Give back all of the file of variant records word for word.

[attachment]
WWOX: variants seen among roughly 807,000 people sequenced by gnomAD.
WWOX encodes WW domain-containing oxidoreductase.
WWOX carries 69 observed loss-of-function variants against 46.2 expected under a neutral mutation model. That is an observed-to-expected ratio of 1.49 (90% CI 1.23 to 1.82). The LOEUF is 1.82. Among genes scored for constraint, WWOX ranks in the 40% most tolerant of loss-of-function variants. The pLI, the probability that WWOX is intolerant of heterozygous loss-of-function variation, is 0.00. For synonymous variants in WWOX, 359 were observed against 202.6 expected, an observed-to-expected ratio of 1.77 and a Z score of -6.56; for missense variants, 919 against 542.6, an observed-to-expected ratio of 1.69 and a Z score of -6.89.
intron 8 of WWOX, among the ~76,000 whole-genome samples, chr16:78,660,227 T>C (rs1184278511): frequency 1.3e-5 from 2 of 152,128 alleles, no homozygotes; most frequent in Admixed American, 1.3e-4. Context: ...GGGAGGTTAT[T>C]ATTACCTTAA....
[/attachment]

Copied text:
WWOX: variants seen among roughly 807,000 people sequenced by gnomAD.
WWOX encodes WW domain-containing oxidoreductase.
WWOX carries 69 observed loss-of-function variants against 46.2 expected under a neutral mutation model. That is an observed-to-expected ratio of 1.49 (90% CI 1.23 to 1.82). The LOEUF is 1.82. Among genes scored for constraint, WWOX ranks in the 40% most tolerant of loss-of-function variants. The pLI, the probability that WWOX is intolerant of heterozygous loss-of-function variation, is 0.00. For synonymous variants in WWOX, 359 were observed against 202.6 expected, an observed-to-expected ratio of 1.77 and a Z score of -6.56; for missense variants, 919 against 542.6, an observed-to-expected ratio of 1.69 and a Z score of -6.89.
intron 8 of WWOX, among the ~76,000 whole-genome samples, chr16:78,660,227 T>C (rs1184278511): frequency 1.3e-5 from 2 of 152,128 alleles, no homozygotes; most frequent in Admixed American, 1.3e-4. Context: ...GGGAGGTTAT[T>C]ATTACCTTAA....